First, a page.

I have a theory about designers, illustrators, and other creatives: They are seen, generally speaking, as a bit eccentric because they see things in ways others don’t. For one, they are particularly attuned to imagery—and they often place importance on that imagery that others might not.
Illustrator (and would-be blacksmith) Jim Woodring demonstrates that eccentricity. For example, he describes his childhood as as kind of cacophony of dream experiences, and his illustrations as half-in and half-out of reality (my characterization). While he was happy with and defiant about what made him different, he also came to the conclusion that he could turn his “defects” into some type of professional asset. I like that way of looking at it.
But you decide for yourself—I recently stumbled upon The Illumination of Jim Woodring, produced by filmmaker Chris Brandt. The film treats us to an inside look at the illustrator and his evolution. If you’re like me, you’ll come away with, not just a better understanding of this particular artist, but a better appreciation of how some creatives operate on a different plane.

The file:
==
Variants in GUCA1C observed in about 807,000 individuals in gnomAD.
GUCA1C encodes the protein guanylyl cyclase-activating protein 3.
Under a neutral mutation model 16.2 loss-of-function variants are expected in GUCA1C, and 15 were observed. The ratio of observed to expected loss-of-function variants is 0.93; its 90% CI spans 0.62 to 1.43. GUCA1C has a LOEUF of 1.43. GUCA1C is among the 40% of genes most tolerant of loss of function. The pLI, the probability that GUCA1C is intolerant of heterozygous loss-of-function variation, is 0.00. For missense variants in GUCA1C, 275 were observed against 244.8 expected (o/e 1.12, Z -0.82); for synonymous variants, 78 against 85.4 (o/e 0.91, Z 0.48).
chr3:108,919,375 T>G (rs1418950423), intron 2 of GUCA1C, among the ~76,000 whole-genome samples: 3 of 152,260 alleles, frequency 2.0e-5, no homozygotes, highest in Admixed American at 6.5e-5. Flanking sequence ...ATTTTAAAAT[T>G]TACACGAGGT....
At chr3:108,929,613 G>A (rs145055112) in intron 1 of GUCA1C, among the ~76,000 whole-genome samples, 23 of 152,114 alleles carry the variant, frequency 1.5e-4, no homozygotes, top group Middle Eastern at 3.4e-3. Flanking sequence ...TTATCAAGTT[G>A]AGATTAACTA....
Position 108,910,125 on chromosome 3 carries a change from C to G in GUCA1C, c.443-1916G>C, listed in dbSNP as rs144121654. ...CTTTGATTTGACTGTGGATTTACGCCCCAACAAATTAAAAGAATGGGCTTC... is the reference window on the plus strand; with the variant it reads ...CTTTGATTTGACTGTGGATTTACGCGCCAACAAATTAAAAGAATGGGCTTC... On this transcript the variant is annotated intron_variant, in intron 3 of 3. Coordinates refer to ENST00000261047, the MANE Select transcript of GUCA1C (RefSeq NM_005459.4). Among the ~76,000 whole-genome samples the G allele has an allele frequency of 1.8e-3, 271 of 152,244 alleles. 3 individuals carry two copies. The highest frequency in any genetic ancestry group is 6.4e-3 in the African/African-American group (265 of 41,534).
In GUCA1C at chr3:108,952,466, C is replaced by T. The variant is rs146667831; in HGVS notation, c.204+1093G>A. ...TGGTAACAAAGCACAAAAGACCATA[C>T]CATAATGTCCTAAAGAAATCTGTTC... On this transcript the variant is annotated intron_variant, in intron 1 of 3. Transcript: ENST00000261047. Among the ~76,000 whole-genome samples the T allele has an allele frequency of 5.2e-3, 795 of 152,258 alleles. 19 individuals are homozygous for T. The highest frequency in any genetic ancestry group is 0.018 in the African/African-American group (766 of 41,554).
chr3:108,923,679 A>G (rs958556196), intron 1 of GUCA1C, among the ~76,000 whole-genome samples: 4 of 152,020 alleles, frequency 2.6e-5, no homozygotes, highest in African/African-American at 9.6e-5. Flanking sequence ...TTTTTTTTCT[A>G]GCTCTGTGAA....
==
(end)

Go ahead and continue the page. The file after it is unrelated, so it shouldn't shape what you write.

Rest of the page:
In the film, Jim Woodring points to The Golden Book of Science, authored by Bertha Morris Parker and illustrated by Harry McNaught, as a major influence…
I find it interesting that the author of The New Way Things Work, David Macaulay, cites the same book as having an extraordinary influence on his young life. Referring to his own book, he says, “You can get everything you need from this book. That’s how I felt about The Golden Book of Science for Boys and Girls, which I read as a boy. I look at it now and can remember the sensation of reading it as a kid. It was like giving me the keys to the kingdom.”)
Just out of curiosity, were you particularly influenced by that type of encyclopedic illustration when you were young? (Comment below.) Thinking back, I have always loved books profusely illustrated with informative images.
The image at the top of the page is titled, First Day on The Job, is used with permission: Jim Woodring, jimwoodring.com. This is the full frame.